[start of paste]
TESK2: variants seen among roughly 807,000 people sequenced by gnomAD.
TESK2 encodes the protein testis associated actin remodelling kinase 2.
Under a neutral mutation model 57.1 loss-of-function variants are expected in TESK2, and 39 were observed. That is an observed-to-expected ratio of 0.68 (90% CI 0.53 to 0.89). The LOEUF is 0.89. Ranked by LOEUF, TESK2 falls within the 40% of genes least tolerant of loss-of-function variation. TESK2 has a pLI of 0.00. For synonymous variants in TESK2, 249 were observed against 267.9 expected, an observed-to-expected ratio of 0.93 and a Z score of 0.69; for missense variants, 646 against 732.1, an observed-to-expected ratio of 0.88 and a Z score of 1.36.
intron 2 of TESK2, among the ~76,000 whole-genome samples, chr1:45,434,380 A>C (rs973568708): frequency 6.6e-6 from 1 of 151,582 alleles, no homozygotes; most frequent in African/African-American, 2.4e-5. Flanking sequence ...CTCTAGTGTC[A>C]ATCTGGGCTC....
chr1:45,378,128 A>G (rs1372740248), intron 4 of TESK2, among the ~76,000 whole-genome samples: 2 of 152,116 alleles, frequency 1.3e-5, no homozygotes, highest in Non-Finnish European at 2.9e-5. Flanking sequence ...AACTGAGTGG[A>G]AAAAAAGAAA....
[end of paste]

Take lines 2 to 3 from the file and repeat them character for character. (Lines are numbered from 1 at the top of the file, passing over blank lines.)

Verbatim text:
TESK2 encodes the protein testis associated actin remodelling kinase 2.
Under a neutral mutation model 57.1 loss-of-function variants are expected in TESK2, and 39 were observed. That is an observed-to-expected ratio of 0.68 (90% CI 0.53 to 0.89). The LOEUF is 0.89. Ranked by LOEUF, TESK2 falls within the 40% of genes least tolerant of loss-of-function variation. TESK2 has a pLI of 0.00. For synonymous variants in TESK2, 249 were observed against 267.9 expected, an observed-to-expected ratio of 0.93 and a Z score of 0.69; for missense variants, 646 against 732.1, an observed-to-expected ratio of 0.88 and a Z score of 1.36.